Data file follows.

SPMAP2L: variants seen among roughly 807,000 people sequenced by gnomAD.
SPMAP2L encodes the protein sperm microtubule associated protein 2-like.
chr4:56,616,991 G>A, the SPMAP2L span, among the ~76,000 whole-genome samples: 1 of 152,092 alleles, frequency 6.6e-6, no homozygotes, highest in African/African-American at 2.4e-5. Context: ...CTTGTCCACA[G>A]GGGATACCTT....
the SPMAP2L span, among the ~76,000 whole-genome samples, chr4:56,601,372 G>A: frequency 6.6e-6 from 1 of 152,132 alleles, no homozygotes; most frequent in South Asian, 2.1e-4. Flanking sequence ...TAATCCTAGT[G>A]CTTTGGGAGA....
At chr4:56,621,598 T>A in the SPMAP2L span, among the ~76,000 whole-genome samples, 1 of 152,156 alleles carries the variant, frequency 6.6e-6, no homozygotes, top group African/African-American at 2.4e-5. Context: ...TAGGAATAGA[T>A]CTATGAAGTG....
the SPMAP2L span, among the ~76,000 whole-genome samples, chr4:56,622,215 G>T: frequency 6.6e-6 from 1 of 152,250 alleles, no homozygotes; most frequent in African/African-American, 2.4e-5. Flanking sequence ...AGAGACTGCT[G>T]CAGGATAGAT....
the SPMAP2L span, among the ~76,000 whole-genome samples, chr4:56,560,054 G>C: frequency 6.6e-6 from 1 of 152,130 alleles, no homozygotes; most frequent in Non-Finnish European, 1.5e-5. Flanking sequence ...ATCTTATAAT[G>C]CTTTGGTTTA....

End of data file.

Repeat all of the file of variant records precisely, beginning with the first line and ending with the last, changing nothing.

SPMAP2L: variants seen among roughly 807,000 people sequenced by gnomAD.
SPMAP2L encodes the protein sperm microtubule associated protein 2-like.
chr4:56,616,991 G>A, the SPMAP2L span, among the ~76,000 whole-genome samples: 1 of 152,092 alleles, frequency 6.6e-6, no homozygotes, highest in African/African-American at 2.4e-5. Context: ...CTTGTCCACA[G>A]GGGATACCTT....
the SPMAP2L span, among the ~76,000 whole-genome samples, chr4:56,601,372 G>A: frequency 6.6e-6 from 1 of 152,132 alleles, no homozygotes; most frequent in South Asian, 2.1e-4. Flanking sequence ...TAATCCTAGT[G>A]CTTTGGGAGA....
At chr4:56,621,598 T>A in the SPMAP2L span, among the ~76,000 whole-genome samples, 1 of 152,156 alleles carries the variant, frequency 6.6e-6, no homozygotes, top group African/African-American at 2.4e-5. Context: ...TAGGAATAGA[T>A]CTATGAAGTG....
the SPMAP2L span, among the ~76,000 whole-genome samples, chr4:56,622,215 G>T: frequency 6.6e-6 from 1 of 152,250 alleles, no homozygotes; most frequent in African/African-American, 2.4e-5. Flanking sequence ...AGAGACTGCT[G>T]CAGGATAGAT....
the SPMAP2L span, among the ~76,000 whole-genome samples, chr4:56,560,054 G>C: frequency 6.6e-6 from 1 of 152,130 alleles, no homozygotes; most frequent in Non-Finnish European, 1.5e-5. Flanking sequence ...ATCTTATAAT[G>C]CTTTGGTTTA....